Zoe Grueskin, KTOO - Juneau
“Molly of Denali” is the first national children’s TV show to feature an Alaska Native lead. Some of the show’s creators came to Juneau and put on a vocal acting workshop to help local kids find their own voices.
“Plans have been put in place that it’s hard to walk back from, because this was such a disruption,” said Tlingit and Haida Head Start director Amber Frommherz.
Elizabeth Siddon is the only Alaskan this year to receive the highest honor from the U.S. government for early career scientists. Her work helps Alaska’s fisheries managers see the bigger picture.
An Alaska Army recruiter says their outreach hasn’t changed. But some University of Alaska students say more military recruiters have reached out amid the university’s budget cuts.
It’s well known that traumatic experiences can have lifelong impacts on health and well-being. But it’s possible that those effects can last longer than a single lifetime. A new study asks whether the effects of trauma have been passed down genetically in Tlingit families in Hoonah.
The ad appeared on Facebook last week, encouraging University of Alaska students worried about UA’s future to complete their degrees online — from a New York university.
Financial exigency likely means UAS layoffs and program reductions — but not before fall classes begin
The UAS chancellor says programs with larger enrollments are more likely to be retained. But he adds that some smaller programs, like Alaska Native languages, are critical to the mission of UAS.
Tlingit & Haida’s Head Start pre-K program serves 10 communities in Southeast Alaska. Without state funding, they may have to reduce staff, cut spots or close classrooms altogether.
If the Legislature does not override the governor’s veto, the Alaska State Council on the Arts will lose funding on Monday, making Alaska the only state in the U.S. without an arts council.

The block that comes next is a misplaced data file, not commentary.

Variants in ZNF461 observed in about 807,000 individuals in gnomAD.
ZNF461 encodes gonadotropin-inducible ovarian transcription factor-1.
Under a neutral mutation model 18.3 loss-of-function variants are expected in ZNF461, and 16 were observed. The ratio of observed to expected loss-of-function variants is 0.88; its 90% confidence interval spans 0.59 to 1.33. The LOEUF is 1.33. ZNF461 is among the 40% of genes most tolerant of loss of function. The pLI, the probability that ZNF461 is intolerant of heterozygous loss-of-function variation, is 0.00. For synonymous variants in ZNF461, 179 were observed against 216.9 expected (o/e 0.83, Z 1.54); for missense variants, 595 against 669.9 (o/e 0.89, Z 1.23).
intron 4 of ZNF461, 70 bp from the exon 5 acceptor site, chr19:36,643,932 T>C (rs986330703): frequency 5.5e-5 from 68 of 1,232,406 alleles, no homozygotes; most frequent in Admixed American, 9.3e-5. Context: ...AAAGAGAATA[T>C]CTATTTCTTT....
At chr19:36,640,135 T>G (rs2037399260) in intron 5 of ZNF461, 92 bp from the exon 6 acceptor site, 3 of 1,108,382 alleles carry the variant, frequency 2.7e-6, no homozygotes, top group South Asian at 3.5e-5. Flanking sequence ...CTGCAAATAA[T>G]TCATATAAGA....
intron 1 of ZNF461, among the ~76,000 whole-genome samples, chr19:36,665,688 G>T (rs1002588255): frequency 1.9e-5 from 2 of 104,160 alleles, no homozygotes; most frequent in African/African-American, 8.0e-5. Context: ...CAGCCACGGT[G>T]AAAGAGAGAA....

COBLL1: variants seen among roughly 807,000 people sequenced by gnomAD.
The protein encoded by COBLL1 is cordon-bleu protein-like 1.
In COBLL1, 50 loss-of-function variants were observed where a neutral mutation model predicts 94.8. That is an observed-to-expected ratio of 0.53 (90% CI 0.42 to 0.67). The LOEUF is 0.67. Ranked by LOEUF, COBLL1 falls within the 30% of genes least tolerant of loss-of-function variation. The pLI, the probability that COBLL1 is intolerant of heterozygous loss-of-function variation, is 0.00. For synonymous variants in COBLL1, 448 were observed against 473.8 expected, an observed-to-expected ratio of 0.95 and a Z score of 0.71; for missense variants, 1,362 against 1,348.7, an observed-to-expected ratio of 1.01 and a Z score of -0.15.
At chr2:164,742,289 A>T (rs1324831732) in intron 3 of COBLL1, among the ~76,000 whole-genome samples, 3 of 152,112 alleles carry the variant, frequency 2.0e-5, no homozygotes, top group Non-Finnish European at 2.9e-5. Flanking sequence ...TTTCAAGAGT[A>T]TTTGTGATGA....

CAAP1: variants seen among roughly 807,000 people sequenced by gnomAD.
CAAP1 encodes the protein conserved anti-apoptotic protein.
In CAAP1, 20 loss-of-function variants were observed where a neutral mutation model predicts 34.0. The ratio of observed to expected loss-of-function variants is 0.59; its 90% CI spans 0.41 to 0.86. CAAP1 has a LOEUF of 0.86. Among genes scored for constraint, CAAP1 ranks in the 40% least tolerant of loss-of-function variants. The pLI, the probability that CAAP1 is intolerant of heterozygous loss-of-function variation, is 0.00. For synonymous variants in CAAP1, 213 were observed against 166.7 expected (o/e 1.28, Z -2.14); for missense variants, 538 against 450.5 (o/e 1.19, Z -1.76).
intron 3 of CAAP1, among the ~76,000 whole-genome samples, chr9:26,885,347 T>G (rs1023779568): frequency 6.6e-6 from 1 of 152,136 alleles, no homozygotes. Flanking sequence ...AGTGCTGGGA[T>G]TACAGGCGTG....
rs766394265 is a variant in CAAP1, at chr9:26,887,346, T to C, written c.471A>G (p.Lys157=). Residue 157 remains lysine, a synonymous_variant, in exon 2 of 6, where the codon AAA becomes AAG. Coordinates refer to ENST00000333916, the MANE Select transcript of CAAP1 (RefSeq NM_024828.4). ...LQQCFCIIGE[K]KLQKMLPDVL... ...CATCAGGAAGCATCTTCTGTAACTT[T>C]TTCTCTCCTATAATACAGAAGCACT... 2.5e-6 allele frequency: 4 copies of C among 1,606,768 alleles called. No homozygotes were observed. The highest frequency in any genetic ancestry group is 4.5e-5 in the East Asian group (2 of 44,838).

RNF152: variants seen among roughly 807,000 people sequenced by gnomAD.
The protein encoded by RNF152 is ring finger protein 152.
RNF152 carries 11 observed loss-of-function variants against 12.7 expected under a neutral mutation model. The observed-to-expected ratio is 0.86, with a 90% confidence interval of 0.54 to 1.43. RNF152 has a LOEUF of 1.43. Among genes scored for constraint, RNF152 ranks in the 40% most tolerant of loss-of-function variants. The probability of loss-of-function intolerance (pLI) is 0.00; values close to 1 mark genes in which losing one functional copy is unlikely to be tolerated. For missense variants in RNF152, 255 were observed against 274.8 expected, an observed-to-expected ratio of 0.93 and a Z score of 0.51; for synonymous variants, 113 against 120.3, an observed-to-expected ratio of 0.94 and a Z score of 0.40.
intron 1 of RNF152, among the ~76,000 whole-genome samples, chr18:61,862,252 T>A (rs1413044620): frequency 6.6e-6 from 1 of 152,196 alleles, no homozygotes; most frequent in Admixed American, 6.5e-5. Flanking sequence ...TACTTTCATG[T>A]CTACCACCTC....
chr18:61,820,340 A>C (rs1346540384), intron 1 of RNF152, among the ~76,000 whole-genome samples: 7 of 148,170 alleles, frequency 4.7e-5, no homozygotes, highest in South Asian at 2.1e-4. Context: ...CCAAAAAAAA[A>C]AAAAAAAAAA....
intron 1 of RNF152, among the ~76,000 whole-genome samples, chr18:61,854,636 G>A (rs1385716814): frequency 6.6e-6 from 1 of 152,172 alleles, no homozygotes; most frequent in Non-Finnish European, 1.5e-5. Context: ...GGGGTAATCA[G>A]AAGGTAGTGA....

Pride week in Juneau featured something new this year: a party just for LGBTQ middle school and high school students.
School districts across Alaska are looking forward to a bump in their bank accounts from a $20M grant appropriated last year. But the overall outlook for state education spending is far from clear.
For kids who’ve never cooked, smoking their own salmon might seem out of reach. But a Juneau teacher believes it’s just another life skill his students can master — and he shows them how to do it.
A high school robotics team from Juneau is competing in a world championship this month. It’s the first time a team from Southeast Alaska has made it this far.
For the last five years, the state has helped Alaska schools pay for faster internet — up to a point. As technology has advanced, some say it’s time to raise the bar. A pair of bills before the Legislature would do just that.
If records and reference checks don’t turn up any red flags, there isn’t much other information available to school districts. But there are other steps districts can take to emphasize student safety.
In January, the state put out a new resource designed to help schools support students who have experienced trauma. It contains 11 chapters full of stories and best practices, created with input from over 200 teachers, counselors and community members across the state.
Alaska has a shortage of health care workers, especially in rural areas. Students from around Southeast came to Juneau to explore careers in behavioral health, a field that covers mental health and substance abuse.
Sen. Lisa Murkowski has reintroduced Savanna’s Act, which would improve data collection on missing and murdered Native women and require federal agencies to consult with tribes.
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